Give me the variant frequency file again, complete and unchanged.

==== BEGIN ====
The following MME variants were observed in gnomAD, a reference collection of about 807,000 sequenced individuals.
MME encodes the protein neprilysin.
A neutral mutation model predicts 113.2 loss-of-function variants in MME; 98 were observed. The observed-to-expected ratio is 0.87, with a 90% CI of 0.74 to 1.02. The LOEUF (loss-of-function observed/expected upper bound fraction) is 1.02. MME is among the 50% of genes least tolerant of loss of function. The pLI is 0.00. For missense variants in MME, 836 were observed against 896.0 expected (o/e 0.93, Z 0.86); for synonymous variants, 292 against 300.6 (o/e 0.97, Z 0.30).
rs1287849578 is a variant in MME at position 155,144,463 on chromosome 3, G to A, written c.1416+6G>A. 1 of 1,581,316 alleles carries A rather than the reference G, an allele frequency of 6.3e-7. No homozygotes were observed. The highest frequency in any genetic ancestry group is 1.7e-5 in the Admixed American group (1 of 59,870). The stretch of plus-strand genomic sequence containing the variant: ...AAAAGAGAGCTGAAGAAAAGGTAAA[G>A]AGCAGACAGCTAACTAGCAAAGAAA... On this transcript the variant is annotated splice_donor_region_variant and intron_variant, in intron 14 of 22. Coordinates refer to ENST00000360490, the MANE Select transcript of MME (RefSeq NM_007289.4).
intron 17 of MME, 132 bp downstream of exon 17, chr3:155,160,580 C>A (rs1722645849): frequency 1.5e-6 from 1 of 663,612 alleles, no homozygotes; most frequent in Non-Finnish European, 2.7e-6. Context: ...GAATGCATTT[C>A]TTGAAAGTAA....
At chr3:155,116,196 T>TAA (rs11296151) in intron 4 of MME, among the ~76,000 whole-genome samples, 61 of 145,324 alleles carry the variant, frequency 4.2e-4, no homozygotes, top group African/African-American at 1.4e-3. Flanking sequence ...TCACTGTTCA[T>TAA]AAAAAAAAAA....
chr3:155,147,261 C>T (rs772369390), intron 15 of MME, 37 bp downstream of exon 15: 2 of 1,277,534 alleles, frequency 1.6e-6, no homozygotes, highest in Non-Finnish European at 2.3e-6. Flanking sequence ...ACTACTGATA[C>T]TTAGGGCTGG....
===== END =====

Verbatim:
The following MME variants were observed in gnomAD, a reference collection of about 807,000 sequenced individuals.
MME encodes the protein neprilysin.
A neutral mutation model predicts 113.2 loss-of-function variants in MME; 98 were observed. The observed-to-expected ratio is 0.87, with a 90% CI of 0.74 to 1.02. The LOEUF (loss-of-function observed/expected upper bound fraction) is 1.02. MME is among the 50% of genes least tolerant of loss of function. The pLI is 0.00. For missense variants in MME, 836 were observed against 896.0 expected (o/e 0.93, Z 0.86); for synonymous variants, 292 against 300.6 (o/e 0.97, Z 0.30).
rs1287849578 is a variant in MME at position 155,144,463 on chromosome 3, G to A, written c.1416+6G>A. 1 of 1,581,316 alleles carries A rather than the reference G, an allele frequency of 6.3e-7. No homozygotes were observed. The highest frequency in any genetic ancestry group is 1.7e-5 in the Admixed American group (1 of 59,870). The stretch of plus-strand genomic sequence containing the variant: ...AAAAGAGAGCTGAAGAAAAGGTAAA[G>A]AGCAGACAGCTAACTAGCAAAGAAA... On this transcript the variant is annotated splice_donor_region_variant and intron_variant, in intron 14 of 22. Coordinates refer to ENST00000360490, the MANE Select transcript of MME (RefSeq NM_007289.4).
intron 17 of MME, 132 bp downstream of exon 17, chr3:155,160,580 C>A (rs1722645849): frequency 1.5e-6 from 1 of 663,612 alleles, no homozygotes; most frequent in Non-Finnish European, 2.7e-6. Context: ...GAATGCATTT[C>A]TTGAAAGTAA....
At chr3:155,116,196 T>TAA (rs11296151) in intron 4 of MME, among the ~76,000 whole-genome samples, 61 of 145,324 alleles carry the variant, frequency 4.2e-4, no homozygotes, top group African/African-American at 1.4e-3. Flanking sequence ...TCACTGTTCA[T>TAA]AAAAAAAAAA....
chr3:155,147,261 C>T (rs772369390), intron 15 of MME, 37 bp downstream of exon 15: 2 of 1,277,534 alleles, frequency 1.6e-6, no homozygotes, highest in Non-Finnish European at 2.3e-6. Flanking sequence ...ACTACTGATA[C>T]TTAGGGCTGG....